2. Define a port as a function that turns some message payload into a command value of type Cmd unusedType.

For my first port, I chose one without payload, so the input type is () (unit/void/nothing). The return type is Cmd unusedType, and not Cmd Msg. The Elm guide (as of the time of writing this article) describes this type as Cmd msg with a lowercase msg, which I misread the first time as Cmd Msg. This led to a few minutes of confusion over an unexpected compile error.

Detected problems in 1 module.
-- BAD PORT ------------------------------------------------------- src/Main.elm

The `ping` port cannot send any messages to the `update` function.

14| port ping : () -> Cmd Msg
It must produce a (Cmd msg) type. Notice the lower case `msg` type variable. The
command will trigger some JS code, but it will not send anything particular back
to Elm.

I don’t yet know why calling this type Cmd msg expresses intent better than, say, Cmd someArbitraryType, so I chose Cmd unusedType to more-clearly express the role, if not yet the intent. Please add a comment if you can describe the intent of this type parameter.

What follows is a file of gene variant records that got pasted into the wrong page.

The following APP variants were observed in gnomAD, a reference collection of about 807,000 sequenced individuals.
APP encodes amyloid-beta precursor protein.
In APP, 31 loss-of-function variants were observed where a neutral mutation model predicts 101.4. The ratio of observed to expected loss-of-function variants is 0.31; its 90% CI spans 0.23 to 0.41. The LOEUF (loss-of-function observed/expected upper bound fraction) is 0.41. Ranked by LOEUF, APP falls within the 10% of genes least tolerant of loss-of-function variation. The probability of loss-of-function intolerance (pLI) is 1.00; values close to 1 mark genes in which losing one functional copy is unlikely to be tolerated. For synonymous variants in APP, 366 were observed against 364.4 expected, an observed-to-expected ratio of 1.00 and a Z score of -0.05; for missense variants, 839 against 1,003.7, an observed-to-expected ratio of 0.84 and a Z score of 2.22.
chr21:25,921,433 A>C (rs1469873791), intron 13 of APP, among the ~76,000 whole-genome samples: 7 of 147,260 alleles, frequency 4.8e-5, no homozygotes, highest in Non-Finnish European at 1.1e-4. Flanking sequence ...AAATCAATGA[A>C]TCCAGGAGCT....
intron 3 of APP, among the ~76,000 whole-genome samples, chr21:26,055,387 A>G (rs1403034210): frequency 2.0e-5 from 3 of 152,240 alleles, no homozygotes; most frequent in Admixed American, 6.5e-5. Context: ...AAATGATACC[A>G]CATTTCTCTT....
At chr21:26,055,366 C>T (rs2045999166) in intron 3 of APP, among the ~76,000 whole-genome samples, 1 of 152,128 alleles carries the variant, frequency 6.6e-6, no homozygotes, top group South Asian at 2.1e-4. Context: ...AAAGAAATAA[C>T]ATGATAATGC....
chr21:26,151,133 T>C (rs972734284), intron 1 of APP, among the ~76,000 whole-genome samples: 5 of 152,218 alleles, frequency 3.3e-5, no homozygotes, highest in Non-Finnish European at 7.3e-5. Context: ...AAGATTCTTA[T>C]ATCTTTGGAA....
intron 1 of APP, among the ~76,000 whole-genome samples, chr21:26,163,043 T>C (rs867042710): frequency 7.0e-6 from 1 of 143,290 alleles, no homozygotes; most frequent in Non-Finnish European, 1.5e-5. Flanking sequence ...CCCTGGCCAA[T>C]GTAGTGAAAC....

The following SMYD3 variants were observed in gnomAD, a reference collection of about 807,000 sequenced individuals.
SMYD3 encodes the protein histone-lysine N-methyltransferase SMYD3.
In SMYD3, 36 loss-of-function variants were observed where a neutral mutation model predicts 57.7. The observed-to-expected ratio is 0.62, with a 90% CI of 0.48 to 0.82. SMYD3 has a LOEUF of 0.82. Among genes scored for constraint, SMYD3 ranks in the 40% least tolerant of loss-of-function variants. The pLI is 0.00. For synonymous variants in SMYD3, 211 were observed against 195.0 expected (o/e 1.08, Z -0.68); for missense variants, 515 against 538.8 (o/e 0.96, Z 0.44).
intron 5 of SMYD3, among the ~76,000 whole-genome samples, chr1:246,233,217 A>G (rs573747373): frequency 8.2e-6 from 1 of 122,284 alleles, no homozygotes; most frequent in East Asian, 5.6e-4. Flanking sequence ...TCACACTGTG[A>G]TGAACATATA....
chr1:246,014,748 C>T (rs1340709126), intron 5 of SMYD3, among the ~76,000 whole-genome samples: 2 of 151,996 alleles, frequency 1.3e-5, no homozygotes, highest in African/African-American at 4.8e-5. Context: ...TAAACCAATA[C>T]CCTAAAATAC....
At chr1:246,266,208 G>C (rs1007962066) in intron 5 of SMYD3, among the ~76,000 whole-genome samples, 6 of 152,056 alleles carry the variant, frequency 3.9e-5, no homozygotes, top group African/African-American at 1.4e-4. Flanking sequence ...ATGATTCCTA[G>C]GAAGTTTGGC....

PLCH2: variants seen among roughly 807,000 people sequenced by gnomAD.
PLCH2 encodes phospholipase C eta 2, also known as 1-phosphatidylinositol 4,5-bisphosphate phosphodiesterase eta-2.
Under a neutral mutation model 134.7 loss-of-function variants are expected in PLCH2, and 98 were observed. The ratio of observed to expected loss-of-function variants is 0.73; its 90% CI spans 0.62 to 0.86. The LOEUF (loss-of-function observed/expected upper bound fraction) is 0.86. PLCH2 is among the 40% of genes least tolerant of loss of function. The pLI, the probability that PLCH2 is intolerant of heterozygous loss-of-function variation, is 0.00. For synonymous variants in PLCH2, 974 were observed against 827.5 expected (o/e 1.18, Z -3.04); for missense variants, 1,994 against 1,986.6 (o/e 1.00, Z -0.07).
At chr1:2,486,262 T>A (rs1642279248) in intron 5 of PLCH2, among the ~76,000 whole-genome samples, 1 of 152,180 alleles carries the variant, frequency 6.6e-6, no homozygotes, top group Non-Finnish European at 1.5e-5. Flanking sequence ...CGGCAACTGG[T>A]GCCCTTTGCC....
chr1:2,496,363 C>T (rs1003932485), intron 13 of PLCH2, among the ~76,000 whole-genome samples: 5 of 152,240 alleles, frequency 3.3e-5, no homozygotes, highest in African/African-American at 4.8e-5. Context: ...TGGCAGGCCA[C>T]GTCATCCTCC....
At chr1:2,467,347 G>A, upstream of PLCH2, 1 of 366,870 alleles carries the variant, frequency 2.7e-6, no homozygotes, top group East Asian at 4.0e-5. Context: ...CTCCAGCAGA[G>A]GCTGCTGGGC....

If I subscribed to this new port in my HTML page now, then the Elm compiler would not have generated any ports-related code (the compiler considers it dead code), leading to the error message that originally prompted me to write this article. Instead, I need to add code to at least one branch of the update function to send a message to this new port. I decided to send a message when the timer expires (meaning when it ticks down to no time remaining). To see this run, I watch the Javascript console in my browser, waiting for the timer to tick down to 0 seconds, at which point I see a single PING message in the console. By this time I had a port working end to end and could resume trying to add the features that I cared about: playing a “warning” sound each second once the timer reaches 10 seconds remaining, then an “expired” sound once the timer expires.

If you’ve become stuck trying to write your first port in an Elm application, then I hope this helped you fix the problem, understand how you got there, and helps you avoid the problem in the future.